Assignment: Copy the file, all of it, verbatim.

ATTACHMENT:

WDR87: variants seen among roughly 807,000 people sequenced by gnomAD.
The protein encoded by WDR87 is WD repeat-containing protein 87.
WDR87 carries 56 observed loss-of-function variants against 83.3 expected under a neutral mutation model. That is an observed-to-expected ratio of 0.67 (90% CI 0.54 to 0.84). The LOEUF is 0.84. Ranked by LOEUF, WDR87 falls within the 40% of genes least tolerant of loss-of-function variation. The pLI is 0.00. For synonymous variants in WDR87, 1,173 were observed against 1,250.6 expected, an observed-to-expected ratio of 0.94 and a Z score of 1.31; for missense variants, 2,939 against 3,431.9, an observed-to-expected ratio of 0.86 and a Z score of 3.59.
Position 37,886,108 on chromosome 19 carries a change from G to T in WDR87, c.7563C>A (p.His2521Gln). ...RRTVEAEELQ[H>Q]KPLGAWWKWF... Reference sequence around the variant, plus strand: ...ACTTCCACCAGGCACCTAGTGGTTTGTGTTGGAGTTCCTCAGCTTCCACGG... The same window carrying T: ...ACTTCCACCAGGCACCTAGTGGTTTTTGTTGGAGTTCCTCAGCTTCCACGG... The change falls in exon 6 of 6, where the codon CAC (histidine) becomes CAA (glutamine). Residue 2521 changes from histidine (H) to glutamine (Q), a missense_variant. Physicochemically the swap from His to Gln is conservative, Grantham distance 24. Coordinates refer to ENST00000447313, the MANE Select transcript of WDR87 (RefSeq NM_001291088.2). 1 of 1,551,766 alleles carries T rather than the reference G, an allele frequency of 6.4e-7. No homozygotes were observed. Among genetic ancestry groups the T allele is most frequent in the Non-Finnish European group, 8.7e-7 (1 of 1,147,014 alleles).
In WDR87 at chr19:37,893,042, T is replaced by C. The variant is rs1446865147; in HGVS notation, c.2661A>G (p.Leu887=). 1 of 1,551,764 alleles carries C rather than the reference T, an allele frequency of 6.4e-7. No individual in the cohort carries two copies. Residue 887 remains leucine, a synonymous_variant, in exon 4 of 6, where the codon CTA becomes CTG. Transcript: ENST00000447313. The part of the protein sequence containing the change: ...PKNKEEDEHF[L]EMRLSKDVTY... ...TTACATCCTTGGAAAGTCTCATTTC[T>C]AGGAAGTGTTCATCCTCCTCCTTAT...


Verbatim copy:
WDR87: variants seen among roughly 807,000 people sequenced by gnomAD.
The protein encoded by WDR87 is WD repeat-containing protein 87.
WDR87 carries 56 observed loss-of-function variants against 83.3 expected under a neutral mutation model. That is an observed-to-expected ratio of 0.67 (90% CI 0.54 to 0.84). The LOEUF is 0.84. Ranked by LOEUF, WDR87 falls within the 40% of genes least tolerant of loss-of-function variation. The pLI is 0.00. For synonymous variants in WDR87, 1,173 were observed against 1,250.6 expected, an observed-to-expected ratio of 0.94 and a Z score of 1.31; for missense variants, 2,939 against 3,431.9, an observed-to-expected ratio of 0.86 and a Z score of 3.59.
Position 37,886,108 on chromosome 19 carries a change from G to T in WDR87, c.7563C>A (p.His2521Gln). ...RRTVEAEELQ[H>Q]KPLGAWWKWF... Reference sequence around the variant, plus strand: ...ACTTCCACCAGGCACCTAGTGGTTTGTGTTGGAGTTCCTCAGCTTCCACGG... The same window carrying T: ...ACTTCCACCAGGCACCTAGTGGTTTTTGTTGGAGTTCCTCAGCTTCCACGG... The change falls in exon 6 of 6, where the codon CAC (histidine) becomes CAA (glutamine). Residue 2521 changes from histidine (H) to glutamine (Q), a missense_variant. Physicochemically the swap from His to Gln is conservative, Grantham distance 24. Coordinates refer to ENST00000447313, the MANE Select transcript of WDR87 (RefSeq NM_001291088.2). 1 of 1,551,766 alleles carries T rather than the reference G, an allele frequency of 6.4e-7. No homozygotes were observed. Among genetic ancestry groups the T allele is most frequent in the Non-Finnish European group, 8.7e-7 (1 of 1,147,014 alleles).
In WDR87 at chr19:37,893,042, T is replaced by C. The variant is rs1446865147; in HGVS notation, c.2661A>G (p.Leu887=). 1 of 1,551,764 alleles carries C rather than the reference T, an allele frequency of 6.4e-7. No individual in the cohort carries two copies. Residue 887 remains leucine, a synonymous_variant, in exon 4 of 6, where the codon CTA becomes CTG. Transcript: ENST00000447313. The part of the protein sequence containing the change: ...PKNKEEDEHF[L]EMRLSKDVTY... ...TTACATCCTTGGAAAGTCTCATTTC[T>C]AGGAAGTGTTCATCCTCCTCCTTAT...